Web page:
Nepal government working from tents after 2nd quake
15 May 2015, 11:34
Kathmandu, Nepal — Government officials in Nepal were forced to work in tents Friday after two massive earthquakes severely damaged a key building that houses several ministries.
Cracks have developed in many parts of the sprawling Singh Durbar office complex, which includes the prime minister's office and several key ministries in the heart of Nepal's capital, Kathmandu. As a result of the damage, government servants were working from tents pitched on the grounds of the building.
Shanta Raj Subedi, a top official in the prime minister's office, said they were trying to find alternative space.
Stores reopened and traffic was returning to Kathmandu three days after the Himalayan nation was shaken by a second major earthquake. But thousands of people were still sleeping in tents scattered across the city, afraid that aftershocks might topple damaged homes.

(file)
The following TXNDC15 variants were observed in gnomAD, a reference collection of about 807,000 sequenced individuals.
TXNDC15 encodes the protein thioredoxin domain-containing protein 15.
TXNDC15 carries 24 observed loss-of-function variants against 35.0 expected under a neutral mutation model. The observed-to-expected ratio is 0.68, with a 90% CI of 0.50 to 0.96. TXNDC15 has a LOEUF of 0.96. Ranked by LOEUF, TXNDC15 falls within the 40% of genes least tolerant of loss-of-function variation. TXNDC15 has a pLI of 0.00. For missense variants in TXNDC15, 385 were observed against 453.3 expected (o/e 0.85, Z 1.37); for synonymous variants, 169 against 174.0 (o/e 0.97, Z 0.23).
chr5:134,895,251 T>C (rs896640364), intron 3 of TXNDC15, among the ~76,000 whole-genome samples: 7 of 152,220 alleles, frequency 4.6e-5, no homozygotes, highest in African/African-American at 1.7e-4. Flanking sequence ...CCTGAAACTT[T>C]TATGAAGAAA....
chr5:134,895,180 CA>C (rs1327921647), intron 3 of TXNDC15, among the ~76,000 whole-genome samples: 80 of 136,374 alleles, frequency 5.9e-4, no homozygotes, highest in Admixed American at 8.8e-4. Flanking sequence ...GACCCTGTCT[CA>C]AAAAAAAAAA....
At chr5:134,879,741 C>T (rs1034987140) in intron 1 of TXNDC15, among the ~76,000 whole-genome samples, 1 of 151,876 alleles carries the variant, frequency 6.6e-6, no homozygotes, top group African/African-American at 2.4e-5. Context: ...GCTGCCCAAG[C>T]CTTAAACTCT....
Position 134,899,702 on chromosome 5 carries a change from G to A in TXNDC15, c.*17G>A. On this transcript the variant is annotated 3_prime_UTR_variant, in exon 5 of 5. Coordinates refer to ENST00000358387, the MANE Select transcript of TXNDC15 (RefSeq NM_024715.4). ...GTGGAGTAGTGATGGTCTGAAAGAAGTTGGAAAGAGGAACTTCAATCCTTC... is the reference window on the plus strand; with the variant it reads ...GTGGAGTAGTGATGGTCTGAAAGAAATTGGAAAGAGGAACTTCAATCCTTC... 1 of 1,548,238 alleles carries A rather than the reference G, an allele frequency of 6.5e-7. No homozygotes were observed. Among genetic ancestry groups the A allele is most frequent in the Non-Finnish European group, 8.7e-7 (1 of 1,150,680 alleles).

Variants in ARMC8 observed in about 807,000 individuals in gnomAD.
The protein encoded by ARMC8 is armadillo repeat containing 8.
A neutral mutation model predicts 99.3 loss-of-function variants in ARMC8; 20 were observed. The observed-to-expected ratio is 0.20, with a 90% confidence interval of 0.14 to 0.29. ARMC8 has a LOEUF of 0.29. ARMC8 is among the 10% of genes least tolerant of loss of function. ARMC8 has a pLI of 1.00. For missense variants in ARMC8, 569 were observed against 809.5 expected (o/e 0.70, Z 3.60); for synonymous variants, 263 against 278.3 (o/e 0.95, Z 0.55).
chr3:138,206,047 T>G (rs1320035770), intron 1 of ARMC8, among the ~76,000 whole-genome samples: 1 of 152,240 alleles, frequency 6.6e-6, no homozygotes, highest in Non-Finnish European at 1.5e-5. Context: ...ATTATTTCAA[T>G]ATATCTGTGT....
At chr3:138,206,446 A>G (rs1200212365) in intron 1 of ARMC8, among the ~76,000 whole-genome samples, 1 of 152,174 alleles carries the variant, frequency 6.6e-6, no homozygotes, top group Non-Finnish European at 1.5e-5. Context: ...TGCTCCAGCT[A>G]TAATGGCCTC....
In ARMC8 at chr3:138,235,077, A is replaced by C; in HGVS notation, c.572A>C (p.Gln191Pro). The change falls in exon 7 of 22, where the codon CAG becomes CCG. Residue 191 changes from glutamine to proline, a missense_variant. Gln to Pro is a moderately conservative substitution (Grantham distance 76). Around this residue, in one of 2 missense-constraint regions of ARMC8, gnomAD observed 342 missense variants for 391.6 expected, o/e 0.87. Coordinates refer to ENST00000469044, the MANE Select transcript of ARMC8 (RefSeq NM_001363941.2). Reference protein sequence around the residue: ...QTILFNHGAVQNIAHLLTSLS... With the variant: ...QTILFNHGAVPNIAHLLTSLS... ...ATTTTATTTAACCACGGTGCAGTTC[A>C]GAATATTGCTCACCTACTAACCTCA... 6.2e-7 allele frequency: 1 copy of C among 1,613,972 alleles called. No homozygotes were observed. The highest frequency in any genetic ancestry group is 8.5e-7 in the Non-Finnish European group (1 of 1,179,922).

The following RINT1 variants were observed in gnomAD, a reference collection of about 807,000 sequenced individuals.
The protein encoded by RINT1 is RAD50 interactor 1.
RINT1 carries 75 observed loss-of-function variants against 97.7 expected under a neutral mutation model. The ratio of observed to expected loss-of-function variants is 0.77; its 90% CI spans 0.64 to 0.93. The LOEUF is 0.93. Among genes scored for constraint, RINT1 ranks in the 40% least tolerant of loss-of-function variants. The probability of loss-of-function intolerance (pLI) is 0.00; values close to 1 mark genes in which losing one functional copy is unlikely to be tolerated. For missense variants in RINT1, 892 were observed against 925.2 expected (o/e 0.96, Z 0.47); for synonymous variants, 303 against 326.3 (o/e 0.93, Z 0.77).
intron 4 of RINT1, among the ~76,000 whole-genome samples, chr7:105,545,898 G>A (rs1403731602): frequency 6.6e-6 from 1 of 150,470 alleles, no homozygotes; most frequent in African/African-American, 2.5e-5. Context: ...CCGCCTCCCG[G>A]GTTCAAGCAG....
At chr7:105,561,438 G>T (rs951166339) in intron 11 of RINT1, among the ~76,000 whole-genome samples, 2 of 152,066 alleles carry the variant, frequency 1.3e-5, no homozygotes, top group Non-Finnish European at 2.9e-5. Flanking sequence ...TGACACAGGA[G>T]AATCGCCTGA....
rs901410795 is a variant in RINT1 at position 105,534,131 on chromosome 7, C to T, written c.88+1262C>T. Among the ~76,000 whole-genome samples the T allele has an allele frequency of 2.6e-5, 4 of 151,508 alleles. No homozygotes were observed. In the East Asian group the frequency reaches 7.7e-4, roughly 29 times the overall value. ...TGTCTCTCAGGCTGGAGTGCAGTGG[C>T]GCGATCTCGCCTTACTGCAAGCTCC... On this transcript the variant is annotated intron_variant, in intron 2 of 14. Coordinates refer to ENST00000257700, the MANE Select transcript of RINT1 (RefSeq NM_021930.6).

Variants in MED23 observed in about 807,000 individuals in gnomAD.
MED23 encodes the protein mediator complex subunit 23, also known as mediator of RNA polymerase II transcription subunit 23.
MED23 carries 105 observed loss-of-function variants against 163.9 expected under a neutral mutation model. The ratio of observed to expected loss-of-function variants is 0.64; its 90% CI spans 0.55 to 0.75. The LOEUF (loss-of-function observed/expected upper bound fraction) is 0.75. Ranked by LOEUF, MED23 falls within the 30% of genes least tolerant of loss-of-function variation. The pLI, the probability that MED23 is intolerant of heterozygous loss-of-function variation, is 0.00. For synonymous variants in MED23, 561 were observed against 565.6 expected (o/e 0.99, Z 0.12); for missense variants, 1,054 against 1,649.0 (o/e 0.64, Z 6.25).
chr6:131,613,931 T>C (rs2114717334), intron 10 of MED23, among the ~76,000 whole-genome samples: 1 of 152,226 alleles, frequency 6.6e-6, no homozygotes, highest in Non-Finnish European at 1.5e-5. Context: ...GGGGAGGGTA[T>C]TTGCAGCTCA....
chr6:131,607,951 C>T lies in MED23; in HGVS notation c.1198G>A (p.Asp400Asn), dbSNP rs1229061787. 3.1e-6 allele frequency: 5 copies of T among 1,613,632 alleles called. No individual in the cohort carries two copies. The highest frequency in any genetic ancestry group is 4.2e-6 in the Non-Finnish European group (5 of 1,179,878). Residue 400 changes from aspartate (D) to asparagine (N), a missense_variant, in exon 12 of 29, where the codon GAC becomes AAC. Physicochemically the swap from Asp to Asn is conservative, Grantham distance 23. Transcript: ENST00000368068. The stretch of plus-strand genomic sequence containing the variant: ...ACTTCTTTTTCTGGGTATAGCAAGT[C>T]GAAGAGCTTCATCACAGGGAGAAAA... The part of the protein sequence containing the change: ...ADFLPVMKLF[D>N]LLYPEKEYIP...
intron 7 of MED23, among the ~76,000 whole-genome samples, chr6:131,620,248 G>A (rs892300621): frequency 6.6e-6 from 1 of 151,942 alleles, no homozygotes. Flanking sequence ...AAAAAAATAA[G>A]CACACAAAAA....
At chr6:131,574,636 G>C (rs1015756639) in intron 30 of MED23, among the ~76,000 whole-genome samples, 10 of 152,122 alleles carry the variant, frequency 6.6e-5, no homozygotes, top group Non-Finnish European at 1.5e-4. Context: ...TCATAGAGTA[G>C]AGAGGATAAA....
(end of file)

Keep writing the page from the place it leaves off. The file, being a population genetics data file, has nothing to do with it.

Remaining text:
Schools and colleges remained closed after Tuesday's magnitude-7.3 quake, which killed 117 people and injured 2,800. It struck just 2 1/2 weeks after the country was battered by a magnitude-7.8 quake that killed more than 8,200 people.
Outside Kathmandu, many roads linking the capital to outlying areas were heavily damaged.
Relief workers said the poor state of the roads was hampering trucks loaded with relief material from reaching remote mountainous areas. Frequent landslides blocked many highways and several international aid crews were helping to clear the roads. Elsewhere, the roads had buckled or developed massive cracks from the two quakes.
For the latest on national news, politics, sport, entertainment and more follow us on Twitter and like our Facebook page!